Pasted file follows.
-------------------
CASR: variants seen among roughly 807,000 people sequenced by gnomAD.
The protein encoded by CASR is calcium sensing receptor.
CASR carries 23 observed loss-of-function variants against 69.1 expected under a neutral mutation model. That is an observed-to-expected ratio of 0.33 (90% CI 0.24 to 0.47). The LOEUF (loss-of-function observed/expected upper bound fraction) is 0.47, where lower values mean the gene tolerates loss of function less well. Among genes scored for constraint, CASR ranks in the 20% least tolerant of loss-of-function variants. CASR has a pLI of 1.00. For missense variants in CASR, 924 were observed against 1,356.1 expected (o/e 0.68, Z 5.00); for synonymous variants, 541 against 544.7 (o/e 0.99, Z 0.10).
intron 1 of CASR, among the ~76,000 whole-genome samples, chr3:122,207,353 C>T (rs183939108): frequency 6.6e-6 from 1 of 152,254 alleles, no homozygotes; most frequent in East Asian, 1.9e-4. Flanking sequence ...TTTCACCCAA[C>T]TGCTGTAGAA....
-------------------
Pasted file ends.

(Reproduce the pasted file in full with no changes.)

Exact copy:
CASR: variants seen among roughly 807,000 people sequenced by gnomAD.
The protein encoded by CASR is calcium sensing receptor.
CASR carries 23 observed loss-of-function variants against 69.1 expected under a neutral mutation model. That is an observed-to-expected ratio of 0.33 (90% CI 0.24 to 0.47). The LOEUF (loss-of-function observed/expected upper bound fraction) is 0.47, where lower values mean the gene tolerates loss of function less well. Among genes scored for constraint, CASR ranks in the 20% least tolerant of loss-of-function variants. CASR has a pLI of 1.00. For missense variants in CASR, 924 were observed against 1,356.1 expected (o/e 0.68, Z 5.00); for synonymous variants, 541 against 544.7 (o/e 0.99, Z 0.10).
intron 1 of CASR, among the ~76,000 whole-genome samples, chr3:122,207,353 C>T (rs183939108): frequency 6.6e-6 from 1 of 152,254 alleles, no homozygotes; most frequent in East Asian, 1.9e-4. Flanking sequence ...TTTCACCCAA[C>T]TGCTGTAGAA....